Jamie Jemmeson
April 27, 2022

Sterling slides to 21-month lows

Sterling remains fragile ahead of growth data

Sterling continues a downward trend as risk appetite deteriorated again. The UK government borrowing requirement amounted to £18.1bn for March from £26.9bn the previous year, but this was higher than expected and the second-highest March deficit on record. The data overall will maintain concerns over the UK fundamentals, especially as debt interest payments will continue to increase, limiting scope for government fiscal support measures.

Looking to the day ahead, the CBI retail survey will provide one of the first gauges of April sales. Last week’s official data for March saw retail sales decline for the third time in fourth months. There are concerns that the drop also represents the impact of rising inflation, eating into consumers’ spending power.

Single currency at pandemic lows

The Euro dropped to levels last seen in 2017 amidst the risk off mood and diverging monetary policy. There were further concerns surrounding the Ukraine situation with fears over a prolonged conflict as well as an escalation as Germany reversed policy and agreed to send heavy weapons to Ukraine. The tough rhetoric from Russia also increased concerns over potential disruption to Euro-zone energy imports as Russia announced that gas exports to Poland and Bulgaria would be stopped due a refusal to pay in roubles.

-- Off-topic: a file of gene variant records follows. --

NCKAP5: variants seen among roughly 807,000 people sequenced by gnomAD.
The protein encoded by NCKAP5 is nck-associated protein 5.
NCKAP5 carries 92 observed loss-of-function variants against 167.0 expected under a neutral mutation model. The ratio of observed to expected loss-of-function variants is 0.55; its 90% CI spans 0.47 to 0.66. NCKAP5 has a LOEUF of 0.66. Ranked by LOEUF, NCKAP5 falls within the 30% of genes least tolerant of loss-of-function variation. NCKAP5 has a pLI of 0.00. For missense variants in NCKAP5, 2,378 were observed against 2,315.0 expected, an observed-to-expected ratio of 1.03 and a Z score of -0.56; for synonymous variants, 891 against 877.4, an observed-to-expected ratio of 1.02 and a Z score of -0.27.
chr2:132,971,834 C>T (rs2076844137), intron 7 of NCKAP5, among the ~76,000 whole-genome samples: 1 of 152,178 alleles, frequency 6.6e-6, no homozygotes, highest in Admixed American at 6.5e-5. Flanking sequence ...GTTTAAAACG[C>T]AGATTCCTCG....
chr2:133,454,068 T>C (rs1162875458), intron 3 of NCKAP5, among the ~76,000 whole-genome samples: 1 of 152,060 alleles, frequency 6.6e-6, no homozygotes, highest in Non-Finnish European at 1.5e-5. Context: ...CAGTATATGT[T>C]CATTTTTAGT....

European Central Bank head Lagarde is set to speak, but her remarks may not touch on monetary policy.

Risk-off flows continue

Trading across currency markets was once again dominated by safe haven flows on Tuesday which saw the US dollar outperform other major currencies. Investors also cited the China lockdown, ongoing tensions between Russia and Ukraine and a worsening global economic outlook as factors weighing on market sentiment. Subsequently, the US Dollar Index hit fresh multi-month highs breaking above 102.00 with majority of gains posted against the Euro and Pound. Elsewhere, in economic data release on Tuesday, US March Durable Goods posted figures in line with expectations and February’s house Price Index and April Conference Board Consumer Confidence survey data released earlier in the session continued to underpin a stronger Dollar.

Looking ahead to today, it’s a light economic calendar with market sentiment the likely driver of short-term direction once again. Later in the day, pending home sales for March will provide indications as to whether the prospect of higher interest rates may already be starting to impact the US housing market.

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